Laurits Ring had three women who took on a special importance in his life. The first was his mother, Johanne Andersdatter, with whom he had a special and long-lasting bond. Around 1887, a second woman came into Laurits’ life. She was Olga Johanne Albertine Wilde, the wife of the lawyer and amateur painter, Alexander Wilde who had his studio next to that of Laurits’ residence in Frederiksberg, a district of Greater Copenhagen. She was the mother to two sons and a daughter. With a mutual interest in painting Alexander and Laurits became great friends and Laurits almost became one of the family spending Christmas and the summers with them. Despite his great friendship with Alexander, Laurits fell in love with his wife, Johanne. It was a disastrous infatuation and an unrequited love as, despite a passing back and forth between Laurits and Johanne of recurrent intimate letters, she remained faithful to her husband.
Finally, around 1892 Laurits realised that there could be no future with Johanne and he broke this circle of friendship with the Wilde family. The end of this intimate relationship caused Laurits to experience a period of great depression at his lost love. It was a traumatic time in the life of Laurits Ring. His father and only brother had died within three years of each other. He was totally disillusioned with the political struggle to better the living conditions of the poor in urban and rural areas and he was now beginning to doubt his artistic ability. In fact, he was losing faith in God and the deeper meaning of life at all. It is thought that but for the fact that his mother was still alive, he may have contemplated suicide as a way out of his depression. If that was not bad enough, his “friend” Henrik Pontoppidan, in his 1895 novel, Nattevagt (Night Watch), based his character Thorkild Drehling, a painter and failed revolutionary, who was in love with his best friend’s wife, on Laurits Ring. Ring was horrified at his friend’s betrayal, especially the publicly divulging of Ring’s infatuation with Johanne Wilde. Their friendship immediately ended.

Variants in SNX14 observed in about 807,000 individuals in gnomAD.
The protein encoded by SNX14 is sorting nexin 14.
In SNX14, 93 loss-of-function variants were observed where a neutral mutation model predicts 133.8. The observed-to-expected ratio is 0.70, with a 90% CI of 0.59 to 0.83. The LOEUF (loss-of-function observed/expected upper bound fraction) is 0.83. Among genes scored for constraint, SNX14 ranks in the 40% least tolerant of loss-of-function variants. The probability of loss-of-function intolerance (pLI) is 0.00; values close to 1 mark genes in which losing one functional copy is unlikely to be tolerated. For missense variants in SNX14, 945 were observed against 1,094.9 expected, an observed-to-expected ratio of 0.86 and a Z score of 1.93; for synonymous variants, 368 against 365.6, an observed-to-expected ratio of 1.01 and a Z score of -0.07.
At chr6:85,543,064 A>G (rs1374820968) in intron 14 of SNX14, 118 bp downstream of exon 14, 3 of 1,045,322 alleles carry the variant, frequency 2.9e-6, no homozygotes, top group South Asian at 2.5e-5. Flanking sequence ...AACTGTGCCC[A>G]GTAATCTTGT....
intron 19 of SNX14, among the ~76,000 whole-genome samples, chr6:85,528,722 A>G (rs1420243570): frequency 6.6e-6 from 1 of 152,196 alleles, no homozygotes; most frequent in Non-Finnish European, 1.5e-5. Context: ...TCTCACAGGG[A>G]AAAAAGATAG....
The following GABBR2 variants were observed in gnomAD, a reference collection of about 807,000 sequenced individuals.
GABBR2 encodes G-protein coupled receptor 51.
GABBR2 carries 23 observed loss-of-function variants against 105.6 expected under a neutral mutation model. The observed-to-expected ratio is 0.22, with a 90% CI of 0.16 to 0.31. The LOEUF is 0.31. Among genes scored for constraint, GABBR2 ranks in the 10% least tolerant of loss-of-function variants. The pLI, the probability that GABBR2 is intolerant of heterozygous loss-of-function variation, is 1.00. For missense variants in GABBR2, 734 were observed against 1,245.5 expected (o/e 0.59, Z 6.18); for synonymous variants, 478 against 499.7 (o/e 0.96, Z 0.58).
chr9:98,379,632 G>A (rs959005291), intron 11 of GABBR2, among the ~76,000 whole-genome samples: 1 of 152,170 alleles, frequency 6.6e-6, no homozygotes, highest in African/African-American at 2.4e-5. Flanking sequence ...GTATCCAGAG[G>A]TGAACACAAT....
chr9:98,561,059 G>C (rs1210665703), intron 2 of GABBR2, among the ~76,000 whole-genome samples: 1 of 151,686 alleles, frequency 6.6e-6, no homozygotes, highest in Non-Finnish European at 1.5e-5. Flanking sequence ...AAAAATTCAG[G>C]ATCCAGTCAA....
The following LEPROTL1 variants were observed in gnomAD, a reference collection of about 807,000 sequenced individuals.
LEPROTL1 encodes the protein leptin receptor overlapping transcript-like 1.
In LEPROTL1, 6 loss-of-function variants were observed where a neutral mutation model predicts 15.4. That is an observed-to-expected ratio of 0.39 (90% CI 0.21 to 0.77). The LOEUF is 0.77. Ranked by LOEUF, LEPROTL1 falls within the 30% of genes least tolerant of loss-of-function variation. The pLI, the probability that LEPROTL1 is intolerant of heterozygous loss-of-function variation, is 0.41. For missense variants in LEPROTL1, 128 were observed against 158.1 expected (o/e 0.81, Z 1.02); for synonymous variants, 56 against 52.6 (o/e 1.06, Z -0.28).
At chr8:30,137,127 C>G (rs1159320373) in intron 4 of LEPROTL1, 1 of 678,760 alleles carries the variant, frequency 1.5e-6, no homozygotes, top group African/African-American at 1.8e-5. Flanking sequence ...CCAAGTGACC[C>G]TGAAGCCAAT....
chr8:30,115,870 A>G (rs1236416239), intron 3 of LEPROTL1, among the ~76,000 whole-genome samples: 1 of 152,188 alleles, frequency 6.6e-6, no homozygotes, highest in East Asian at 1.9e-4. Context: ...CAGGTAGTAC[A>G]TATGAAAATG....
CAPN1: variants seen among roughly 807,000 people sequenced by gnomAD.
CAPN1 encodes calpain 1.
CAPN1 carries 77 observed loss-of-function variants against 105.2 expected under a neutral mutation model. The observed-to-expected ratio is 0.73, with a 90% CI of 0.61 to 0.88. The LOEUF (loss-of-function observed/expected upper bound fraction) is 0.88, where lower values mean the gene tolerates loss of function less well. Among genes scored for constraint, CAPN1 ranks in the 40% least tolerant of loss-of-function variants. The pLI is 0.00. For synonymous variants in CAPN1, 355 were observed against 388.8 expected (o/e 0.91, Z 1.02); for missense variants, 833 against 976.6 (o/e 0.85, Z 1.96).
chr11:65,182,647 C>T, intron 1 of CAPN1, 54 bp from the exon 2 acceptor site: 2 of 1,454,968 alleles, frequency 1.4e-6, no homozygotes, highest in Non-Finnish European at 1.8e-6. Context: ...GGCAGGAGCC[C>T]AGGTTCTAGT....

Things had to change for Laurits, and they did, in the form of the third woman in the life of Laurits Ring.
…………………………………….to be continued.
5 thoughts on “Laurits Andersen Ring. Part 1. Death, unrequited love and depression.”
I’ve never heard of him either! Thanks for writing this post and look forward to hearing about the rest.
Just want to tell you how important your art blog is to me. The amount of work you put into it is much appreciated.
terrific thank you, great art blog, truly informative
Me, too, another painter fallen in love with(!)
Thanks for the information on this lessor known artist. I love history of all kinds.